With two gold medals already under her belt, Michelle de Bruin, IRL, took a commanding lead after three lengths of the race. But while the 1996 Olympic champion in this event seemed on pace for her third victory, she couldn't move far enough ahead of the field. Subsequently the 1992 Olympic champion and ex-Wundermadchen Dagmar Hase of Germany, pulled the upset of these championships in the final 50. Swimming in lane two, 27-year-old Hase made her move with a powerful kick and surged to the wall to win in 4:09.58.
From lane eight de Bruin perhaps couldn't see across the pool to react in time and finished second with 4:10.50.
Hase's teammate Kerstin Kielgass was third with 4:10.89. The splits:
Hase De Bruin Kielgass 1:01.31 1:01.07 1:01.27 2:05.29 2:04.05 2:05.50 3:08.43 3:07.76 3:09.22 4:09.58 4:10.50 4:10.89
It was worth noting that all three medallists, two of whom come from the well documented drug-based East German system, all have birthdays within three weeks of one another.
Hase said, "I was really surprised, not so much with the time but with the fact that I was first. I couldn't see anyone." But when asked about her aspirations for Perth she said, "In Perth a 4:09 will not matter because Poll has already done 4:06."
De Bruin said she was happy with the silver medal and that she was definitely feeling the effects of her previous races.
There was little doubt that Russia's quadruple Olympic champion Alexander Popov is back. After an easy prelim swim of 49.87, the final was a superb demonstration of perfection. He won the start by about a metre, stroking with a clean, efficient, and clearly superior arm pull with high elbow recovery. He paced the race perfectly for an even effort, turning in 23.91. On the second length, his technique overpowered the rest of the field and put him comfortably into the lead with 30 metres to go. He surged to the finish and touched in 49.09, a championship record and his fourth consecutive win in this event.
Lars Frolander, SWE, the top qualifier from the morning, improved on his time with 49.51 and finished second for his second medal (he won the 100 butterfly the night before).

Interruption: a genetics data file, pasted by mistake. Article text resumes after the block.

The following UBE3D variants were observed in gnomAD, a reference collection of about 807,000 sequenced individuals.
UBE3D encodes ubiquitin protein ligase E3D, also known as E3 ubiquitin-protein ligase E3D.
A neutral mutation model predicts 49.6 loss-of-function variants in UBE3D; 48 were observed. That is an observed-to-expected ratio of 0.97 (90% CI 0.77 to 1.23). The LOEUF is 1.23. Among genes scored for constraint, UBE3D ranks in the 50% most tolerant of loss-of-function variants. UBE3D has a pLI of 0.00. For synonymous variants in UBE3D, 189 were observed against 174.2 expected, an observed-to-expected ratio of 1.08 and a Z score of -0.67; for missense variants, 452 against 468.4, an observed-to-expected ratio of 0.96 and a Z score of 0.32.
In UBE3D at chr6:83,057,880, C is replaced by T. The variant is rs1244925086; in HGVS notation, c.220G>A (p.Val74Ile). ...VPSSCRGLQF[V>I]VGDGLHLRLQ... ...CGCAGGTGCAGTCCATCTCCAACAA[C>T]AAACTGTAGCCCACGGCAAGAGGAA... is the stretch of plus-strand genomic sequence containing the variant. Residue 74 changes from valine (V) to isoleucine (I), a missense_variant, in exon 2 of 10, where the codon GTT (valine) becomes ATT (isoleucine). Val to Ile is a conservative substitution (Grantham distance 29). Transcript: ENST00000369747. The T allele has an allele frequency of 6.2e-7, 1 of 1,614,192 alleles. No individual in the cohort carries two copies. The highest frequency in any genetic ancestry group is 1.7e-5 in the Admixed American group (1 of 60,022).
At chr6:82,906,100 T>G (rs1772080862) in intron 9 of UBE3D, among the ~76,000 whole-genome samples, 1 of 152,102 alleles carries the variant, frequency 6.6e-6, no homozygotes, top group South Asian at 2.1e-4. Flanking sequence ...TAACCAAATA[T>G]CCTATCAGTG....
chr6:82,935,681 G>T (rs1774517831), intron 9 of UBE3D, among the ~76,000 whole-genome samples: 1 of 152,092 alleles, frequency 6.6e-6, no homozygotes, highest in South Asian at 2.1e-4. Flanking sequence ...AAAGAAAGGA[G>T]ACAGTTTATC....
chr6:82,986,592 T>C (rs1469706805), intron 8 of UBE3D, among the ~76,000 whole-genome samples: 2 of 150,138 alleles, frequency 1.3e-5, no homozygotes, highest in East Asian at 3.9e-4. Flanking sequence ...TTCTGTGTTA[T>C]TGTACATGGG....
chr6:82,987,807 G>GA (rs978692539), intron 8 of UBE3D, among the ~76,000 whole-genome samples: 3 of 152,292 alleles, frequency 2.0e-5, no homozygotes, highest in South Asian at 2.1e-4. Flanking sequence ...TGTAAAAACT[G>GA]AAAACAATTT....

Oleg Roukhlevitch, BLR, the leader at the 50 with 23.76, finished third in 49.84, his first sub-50 second 100 free.
"In the morning I wasn't sure how to swim because that was my second race this year (after Santa Clara in June)," said Popov, "I didn't know where I was, my technique wasn't there...so many things were going wrong. But afterward I went with my coach to swim down, and we worked on my technique, and I felt like I was reborn tonight."
When asked if he had had hopes to beat Popov, Frolander smiled, "No...I knew Popov was cruising around this morning so I thought he would go a lot faster." The Swede credited his sensational year to greater strength, and overall better health.
Popov's usual humour lightened the press conference when someone asked him what it meant to him to have the upcoming World Championships in Australia, his adopted home. "It means I won't have far to travel," Popov quipped.
But the meaning of the medal went a little deeper. "I got my confidence back today," he said. "That was the most important thing."
Sandra Völker, GER, had the lead for just over half the distance, turning first at the 50 in 29.79.
On the second 50 she was gradually overtaken by her teammate Antje Buschschulte and Roxana Maracineanu, FRA. The German touched first with 1:01.74, improving on her best time by nearly half a second.
Maracineanu took the silver medal, lowering her PB to 1:01.84 for the second time in the day and moving her own national record into the world class category.
Völker was a disappointed third with 1:02.23. "It's funny because when I started swimming this at 1:05 or 1:06," said a delighted Maracineanu, "I never would have believed that I was capable of going 1:01."
The Mulhouse native spent six months in Germany for her studies last September to January and said that the change, not to mention the diminished training, had done her good. "It allowed me to rest after a very difficult 1996," she said, "and I just realized that there was no reason why I couldn't compete with the others."
On the heat, she said, "I think it was a good thing for us (the French team) to have had the Mediterranean Games in Bari first. It was just as hot there and I think it was a good preparation."
Vladimir Selkov, RUS, took the lead early in lane six and held it throughout the race. He struggled at the finish but touched first with 1:59.21. After a disappointing Olympics in Atlanta, he was not completely satisfied, saying, "I just want to get back to where I was. I'm not there yet."
Emanuele Merisi, ITA, in the pack until the 150, surged on the last length but fell short of catching the leader; he finished second with 1:59.63.
"It was a very strange race," he said, "with the fastest swimmers (except Selkov) in outside lanes. When I turned at the 150 I thought I could win, and I actually thought I had won it until I saw the board."
Ralf Braun, GER, who was second for most the race, touched in 1:59.91 for the bronze.
The splits of the medal winners:
Selkov Merisi Braun 27.61 28.35 27.69 57.44 58.53 57.83 1:27.88 1:29.19 1:28.86 1:59.21 1:59.63 1:59.91
The Germans did not lead at the 100, as Sweden's Louise Johncke touched in 56.10 to Katrin Meissner's 56.17.
But from that point onward the Germans took the lead and gradually extended it with each leg. Their winning time of 3:41.49 was a championship record. Of note was anchor Sandra Völker's split of 54.09, the fourth fastest all time relay split ever.
Sweden battled Russia throughout the race, but held onto second with 3:43.69 as Russia clinched third spot with 3:44.72.